Regulators set to fine JPMorgan $80 million
US federal regulators are preparing to impose a fine of $80 million on JPMorgan Chase relating to its dealings with retail customers during the recession, the New York Times reported, citing people familiar with the matter. Under the terms of the civil orders, the bank will have to acknowledge internal flaws, said the paper. The Office of the Comptroller of the Currency and the Consumer Financial Protection Bureau are expected to announce the actions as soon as next month, the paper said. The regulators are probing reports that the bank sold an identity-theft protection with false promises to credit card customers through a third-party vendor, the paper reported. In another set of actions, the regulators are targeting the bank for flood-ing state courts with lawsuits that used faulty documentation to substantiate the amount owed by consumers, the people told the paper.
Peugeot eyes GM tie-up in South America
French carmaker Peugeot Citroen wants to take advantage of partner General Motors' strength in South America to reduce its dependence on Europe, Peugeot brand head Maxime Picat told the Financial Times. The executive ruled out working with GM in the Indian market, where the US carmaker has two factories, the paper reported on Wednesday. We have decided to focus on China... South America and Russia, the paper quoted Picat as saying. These are clearly our key targets outside Europe. Picat said there was a good opportunity to join forces with GM in highly competitive South American markets, where its partner already has good scale. GM owns a 7% stake in Peugeot as part of an alliance unveiled last year.
Fonterra products didnt have botulism bacteria: NZ
Dairy giant Fonterra's products at the centre of a global contamination scare this month did not contain a bacteria that could cause botulism, and posed no food safety threat, New Zealand officials said on Wednesday. The ministry for primary industries said tests showed that whey protein concentrate manufactured by the world's largest dairy processor contained clostridium sporogenes, which cannot cause botulism, but which at elevated levels can be associated with food spoilage. Original tests conducted by Fonterra and a New Zealand government research institute had indicated the presence of clostridium botulinum, raising fears that infant formula and sports drinks made from the product and widely exported could be potentially dangerous.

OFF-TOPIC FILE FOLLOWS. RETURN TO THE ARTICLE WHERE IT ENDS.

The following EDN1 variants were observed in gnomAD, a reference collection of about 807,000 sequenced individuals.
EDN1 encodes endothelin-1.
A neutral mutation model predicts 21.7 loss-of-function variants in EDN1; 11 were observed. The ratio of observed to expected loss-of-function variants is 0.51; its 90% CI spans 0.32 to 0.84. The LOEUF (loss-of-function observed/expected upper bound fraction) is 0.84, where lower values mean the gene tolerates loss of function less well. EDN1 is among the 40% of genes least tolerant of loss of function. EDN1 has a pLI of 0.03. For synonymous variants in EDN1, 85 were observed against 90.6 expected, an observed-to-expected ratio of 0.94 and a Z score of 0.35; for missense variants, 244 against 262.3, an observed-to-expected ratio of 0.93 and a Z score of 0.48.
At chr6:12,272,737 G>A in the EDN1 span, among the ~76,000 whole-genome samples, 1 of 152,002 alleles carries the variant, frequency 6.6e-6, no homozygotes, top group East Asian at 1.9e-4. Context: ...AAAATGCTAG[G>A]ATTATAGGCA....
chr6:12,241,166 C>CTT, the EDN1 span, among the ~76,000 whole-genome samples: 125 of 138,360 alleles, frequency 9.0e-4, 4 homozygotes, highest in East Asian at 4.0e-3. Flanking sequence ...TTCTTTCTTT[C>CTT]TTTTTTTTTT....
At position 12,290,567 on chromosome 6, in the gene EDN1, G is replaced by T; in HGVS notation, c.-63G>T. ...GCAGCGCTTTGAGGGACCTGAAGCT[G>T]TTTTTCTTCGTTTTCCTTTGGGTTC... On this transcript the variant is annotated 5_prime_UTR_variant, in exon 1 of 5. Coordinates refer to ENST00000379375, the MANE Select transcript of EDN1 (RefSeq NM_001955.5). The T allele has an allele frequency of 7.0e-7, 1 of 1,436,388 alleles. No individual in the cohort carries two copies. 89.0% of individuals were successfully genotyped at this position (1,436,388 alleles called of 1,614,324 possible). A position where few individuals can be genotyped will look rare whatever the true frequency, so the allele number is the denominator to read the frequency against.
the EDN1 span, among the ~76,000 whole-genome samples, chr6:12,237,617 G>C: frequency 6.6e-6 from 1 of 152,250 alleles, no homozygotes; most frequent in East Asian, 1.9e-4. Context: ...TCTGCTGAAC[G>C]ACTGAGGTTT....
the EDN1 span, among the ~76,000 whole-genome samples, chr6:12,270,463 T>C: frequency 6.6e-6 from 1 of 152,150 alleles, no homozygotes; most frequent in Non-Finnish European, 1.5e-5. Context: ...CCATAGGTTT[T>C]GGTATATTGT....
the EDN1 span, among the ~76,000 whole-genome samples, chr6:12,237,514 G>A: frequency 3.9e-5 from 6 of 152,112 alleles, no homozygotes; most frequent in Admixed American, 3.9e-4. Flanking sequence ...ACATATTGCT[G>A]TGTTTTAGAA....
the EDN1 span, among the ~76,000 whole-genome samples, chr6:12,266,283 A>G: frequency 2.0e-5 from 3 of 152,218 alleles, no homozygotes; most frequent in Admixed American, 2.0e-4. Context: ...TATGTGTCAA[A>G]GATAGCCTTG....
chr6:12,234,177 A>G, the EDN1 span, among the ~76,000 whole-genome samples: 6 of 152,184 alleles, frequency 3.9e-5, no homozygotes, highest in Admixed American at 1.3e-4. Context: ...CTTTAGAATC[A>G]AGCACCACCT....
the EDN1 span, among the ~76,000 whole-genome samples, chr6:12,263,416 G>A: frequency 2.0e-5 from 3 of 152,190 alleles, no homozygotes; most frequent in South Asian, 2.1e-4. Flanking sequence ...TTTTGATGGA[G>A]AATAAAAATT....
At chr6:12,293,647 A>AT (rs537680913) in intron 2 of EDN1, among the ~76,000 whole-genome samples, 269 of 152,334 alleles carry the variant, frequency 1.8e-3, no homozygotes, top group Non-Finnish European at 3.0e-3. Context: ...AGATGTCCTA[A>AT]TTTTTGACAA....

IAEA: Iran boosts uranium enrichment capacity
Iran has installed about 1,000 advanced uran-ium enrichment centrifuges and is set to test them, a UN nuclear report showed, a develop-ment likely to worry Western powers hoping for a change of course under the country's new president. The International Atomic Energy Agency's (IAEA) quarterly report the first since relative moderate Hassan Rouhani won Iran's June presidential election also said the Islamic state had started making fuel assem-blies for a reactor which the West fears could yield nuclear bomb material. Iran denies any such aim. On the other hand, Iran's most sensi-tive nuclear stockpile has grown little remain-ing below arch-enemy Israel's stated red line that could provoke military action since the previous IAEA report in May. This could buy time for more negotiations with six world powers.